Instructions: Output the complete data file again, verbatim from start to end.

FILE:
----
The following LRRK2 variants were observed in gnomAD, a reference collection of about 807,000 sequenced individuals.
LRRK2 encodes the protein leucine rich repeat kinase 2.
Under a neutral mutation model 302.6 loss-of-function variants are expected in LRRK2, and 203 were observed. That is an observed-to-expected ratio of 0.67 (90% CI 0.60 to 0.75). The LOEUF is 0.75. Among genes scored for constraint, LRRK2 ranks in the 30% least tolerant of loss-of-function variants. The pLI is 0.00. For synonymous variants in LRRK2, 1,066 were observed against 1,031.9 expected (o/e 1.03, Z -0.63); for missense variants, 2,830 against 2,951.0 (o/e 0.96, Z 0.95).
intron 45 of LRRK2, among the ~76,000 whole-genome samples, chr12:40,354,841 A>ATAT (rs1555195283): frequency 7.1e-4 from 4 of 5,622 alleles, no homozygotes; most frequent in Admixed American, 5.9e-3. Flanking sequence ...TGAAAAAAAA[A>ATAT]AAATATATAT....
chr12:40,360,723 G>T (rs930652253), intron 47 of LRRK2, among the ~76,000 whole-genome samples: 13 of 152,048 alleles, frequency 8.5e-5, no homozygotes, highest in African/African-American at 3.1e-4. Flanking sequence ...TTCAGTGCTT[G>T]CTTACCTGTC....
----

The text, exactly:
The following LRRK2 variants were observed in gnomAD, a reference collection of about 807,000 sequenced individuals.
LRRK2 encodes the protein leucine rich repeat kinase 2.
Under a neutral mutation model 302.6 loss-of-function variants are expected in LRRK2, and 203 were observed. That is an observed-to-expected ratio of 0.67 (90% CI 0.60 to 0.75). The LOEUF is 0.75. Among genes scored for constraint, LRRK2 ranks in the 30% least tolerant of loss-of-function variants. The pLI is 0.00. For synonymous variants in LRRK2, 1,066 were observed against 1,031.9 expected (o/e 1.03, Z -0.63); for missense variants, 2,830 against 2,951.0 (o/e 0.96, Z 0.95).
intron 45 of LRRK2, among the ~76,000 whole-genome samples, chr12:40,354,841 A>ATAT (rs1555195283): frequency 7.1e-4 from 4 of 5,622 alleles, no homozygotes; most frequent in Admixed American, 5.9e-3. Flanking sequence ...TGAAAAAAAA[A>ATAT]AAATATATAT....
chr12:40,360,723 G>T (rs930652253), intron 47 of LRRK2, among the ~76,000 whole-genome samples: 13 of 152,048 alleles, frequency 8.5e-5, no homozygotes, highest in African/African-American at 3.1e-4. Flanking sequence ...TTCAGTGCTT[G>T]CTTACCTGTC....